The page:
Message broker

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Message broker is an intermediary program module that translates a message from the formal messaging protocol of the sender to the formal messaging protocol of the receiver. Message brokers are elements in telecommunication networks where software applications communicate by exchanging formally-defined messages. Message brokers are a building block of Message oriented middleware.

Pattern[edit]

A message broker is an architectural pattern for message validation, transformation and routing.[1] It mediates communication amongst applications, minimizing the mutual awareness that applications should have of each other in order to be able to exchange messages, effectively implementing decoupling.

The purpose of a broker is to take incoming messages from applications and perform some action on them. The following are examples of actions that might be taken in by the broker:

  • Route messages to one or more of many destinations
  • Transform messages to an alternative representation
  • Perform message aggregation, decomposing messages into multiple messages and sending them to their destination, then recomposing the responses into one message to return to the user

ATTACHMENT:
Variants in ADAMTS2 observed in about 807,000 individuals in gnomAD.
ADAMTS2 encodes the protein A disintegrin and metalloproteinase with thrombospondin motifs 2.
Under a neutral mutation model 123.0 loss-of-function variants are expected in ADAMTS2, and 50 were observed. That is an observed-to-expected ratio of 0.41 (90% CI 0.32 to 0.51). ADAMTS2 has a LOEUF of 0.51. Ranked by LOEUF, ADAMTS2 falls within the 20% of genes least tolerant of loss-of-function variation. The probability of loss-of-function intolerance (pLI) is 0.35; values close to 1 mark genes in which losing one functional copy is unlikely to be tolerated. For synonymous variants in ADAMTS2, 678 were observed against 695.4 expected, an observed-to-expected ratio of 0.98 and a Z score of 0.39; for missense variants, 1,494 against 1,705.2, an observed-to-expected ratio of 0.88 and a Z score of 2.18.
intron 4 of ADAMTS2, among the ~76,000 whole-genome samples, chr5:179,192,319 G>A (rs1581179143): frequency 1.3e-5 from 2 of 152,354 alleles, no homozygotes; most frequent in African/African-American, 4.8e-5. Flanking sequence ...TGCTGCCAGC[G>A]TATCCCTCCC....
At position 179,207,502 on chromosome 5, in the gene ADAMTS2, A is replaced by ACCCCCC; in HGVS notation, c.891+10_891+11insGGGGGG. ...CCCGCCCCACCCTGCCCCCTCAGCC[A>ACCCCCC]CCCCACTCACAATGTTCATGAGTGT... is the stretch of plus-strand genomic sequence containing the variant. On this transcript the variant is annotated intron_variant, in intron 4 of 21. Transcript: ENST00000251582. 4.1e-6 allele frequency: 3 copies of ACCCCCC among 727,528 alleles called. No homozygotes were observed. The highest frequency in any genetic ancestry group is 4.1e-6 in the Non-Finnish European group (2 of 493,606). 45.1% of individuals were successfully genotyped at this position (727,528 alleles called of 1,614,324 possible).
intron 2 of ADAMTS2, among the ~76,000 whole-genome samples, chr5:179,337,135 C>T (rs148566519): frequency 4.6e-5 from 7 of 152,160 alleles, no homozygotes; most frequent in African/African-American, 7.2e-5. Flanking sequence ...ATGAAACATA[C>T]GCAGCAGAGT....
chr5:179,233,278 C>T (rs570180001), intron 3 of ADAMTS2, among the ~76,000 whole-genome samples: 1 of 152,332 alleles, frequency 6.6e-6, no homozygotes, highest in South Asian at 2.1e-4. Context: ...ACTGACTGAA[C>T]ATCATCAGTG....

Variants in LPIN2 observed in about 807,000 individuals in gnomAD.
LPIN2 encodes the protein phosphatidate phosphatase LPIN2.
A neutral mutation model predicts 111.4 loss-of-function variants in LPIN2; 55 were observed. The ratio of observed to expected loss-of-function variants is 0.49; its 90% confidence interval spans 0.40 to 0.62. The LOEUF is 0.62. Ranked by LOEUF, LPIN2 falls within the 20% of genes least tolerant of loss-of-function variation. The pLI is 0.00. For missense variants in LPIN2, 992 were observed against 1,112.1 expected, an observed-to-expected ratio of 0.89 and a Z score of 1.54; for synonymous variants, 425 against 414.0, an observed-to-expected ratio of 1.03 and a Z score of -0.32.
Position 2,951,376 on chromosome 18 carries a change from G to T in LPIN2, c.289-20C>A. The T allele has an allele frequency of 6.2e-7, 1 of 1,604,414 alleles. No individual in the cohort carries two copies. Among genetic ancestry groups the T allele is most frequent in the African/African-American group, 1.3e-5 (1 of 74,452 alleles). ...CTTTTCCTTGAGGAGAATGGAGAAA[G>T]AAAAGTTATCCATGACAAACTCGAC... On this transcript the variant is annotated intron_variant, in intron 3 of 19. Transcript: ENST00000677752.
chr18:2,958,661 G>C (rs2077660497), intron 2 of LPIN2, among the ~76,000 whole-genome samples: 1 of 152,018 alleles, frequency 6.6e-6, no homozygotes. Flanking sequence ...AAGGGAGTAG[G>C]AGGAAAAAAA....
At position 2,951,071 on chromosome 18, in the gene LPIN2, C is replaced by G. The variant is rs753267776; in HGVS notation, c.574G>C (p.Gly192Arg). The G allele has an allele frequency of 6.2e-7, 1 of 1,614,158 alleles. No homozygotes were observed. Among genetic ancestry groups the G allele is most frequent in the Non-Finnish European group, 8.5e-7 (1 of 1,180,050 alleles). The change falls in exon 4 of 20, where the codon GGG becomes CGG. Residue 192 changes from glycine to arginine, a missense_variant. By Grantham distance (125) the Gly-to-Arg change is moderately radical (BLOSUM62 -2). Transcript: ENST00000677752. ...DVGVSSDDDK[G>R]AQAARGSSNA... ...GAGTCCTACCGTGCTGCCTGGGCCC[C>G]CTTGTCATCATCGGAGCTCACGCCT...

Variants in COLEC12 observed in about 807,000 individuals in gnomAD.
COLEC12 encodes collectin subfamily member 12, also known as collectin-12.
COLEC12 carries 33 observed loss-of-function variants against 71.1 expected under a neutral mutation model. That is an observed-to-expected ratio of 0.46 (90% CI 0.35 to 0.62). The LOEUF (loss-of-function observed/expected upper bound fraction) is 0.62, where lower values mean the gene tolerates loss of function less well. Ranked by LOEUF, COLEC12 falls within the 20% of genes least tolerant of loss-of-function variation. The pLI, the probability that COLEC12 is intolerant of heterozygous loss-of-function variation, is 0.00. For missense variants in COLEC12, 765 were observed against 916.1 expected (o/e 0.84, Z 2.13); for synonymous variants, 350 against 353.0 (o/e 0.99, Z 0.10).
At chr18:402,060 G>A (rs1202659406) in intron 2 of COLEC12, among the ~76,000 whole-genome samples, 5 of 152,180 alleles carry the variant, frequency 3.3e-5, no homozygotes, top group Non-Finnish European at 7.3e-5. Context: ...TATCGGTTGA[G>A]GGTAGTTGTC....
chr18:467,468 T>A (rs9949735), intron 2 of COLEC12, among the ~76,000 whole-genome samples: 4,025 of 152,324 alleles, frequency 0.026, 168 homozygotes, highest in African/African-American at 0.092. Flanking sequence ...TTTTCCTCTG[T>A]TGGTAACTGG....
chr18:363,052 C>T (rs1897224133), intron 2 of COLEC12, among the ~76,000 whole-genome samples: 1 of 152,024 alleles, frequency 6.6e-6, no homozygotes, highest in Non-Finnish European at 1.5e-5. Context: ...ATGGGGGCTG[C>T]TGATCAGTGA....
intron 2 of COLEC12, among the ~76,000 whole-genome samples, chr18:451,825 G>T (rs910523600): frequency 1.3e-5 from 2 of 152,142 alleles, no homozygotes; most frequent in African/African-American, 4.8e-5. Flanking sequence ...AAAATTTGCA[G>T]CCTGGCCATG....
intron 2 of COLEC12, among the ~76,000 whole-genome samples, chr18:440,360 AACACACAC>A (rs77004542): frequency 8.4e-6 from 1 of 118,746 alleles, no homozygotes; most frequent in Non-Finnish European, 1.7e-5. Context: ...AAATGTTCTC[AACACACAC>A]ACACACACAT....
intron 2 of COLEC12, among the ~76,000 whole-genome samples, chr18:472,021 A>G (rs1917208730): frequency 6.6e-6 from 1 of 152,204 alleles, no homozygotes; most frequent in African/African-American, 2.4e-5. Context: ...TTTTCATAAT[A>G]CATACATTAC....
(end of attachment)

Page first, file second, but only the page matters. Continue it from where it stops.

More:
• Interact with an external repository to augment a message or store it
  • Invoke Web services to retrieve data
  • Respond to events or errors
  • Provide content and topic-based message routing using the publish–subscribe pattern

Broker functionality[edit]

Some messaging functions do not require an intermediary message broker. For example, end-point objects can take the roles of publisher and subscriber, as in the observer design pattern. Message brokers are used to decouple end-points and/or meet specific non-functional requirements and/or facilitate reuse of intermediary functions. For example, a message broker may be used to manage a workload queue or message queue for multiple receivers, providing reliable storage, guaranteed message delivery and perhaps transaction management.

List of message broker software[edit]

See also[edit]

Footnotes[edit]

  1. ^ "Hub and Spoke [or] Zen and the Art of Message Broker Maintenance". Enterprise Integration Patterns. 2003-11-12. Retrieved 2010-10-14.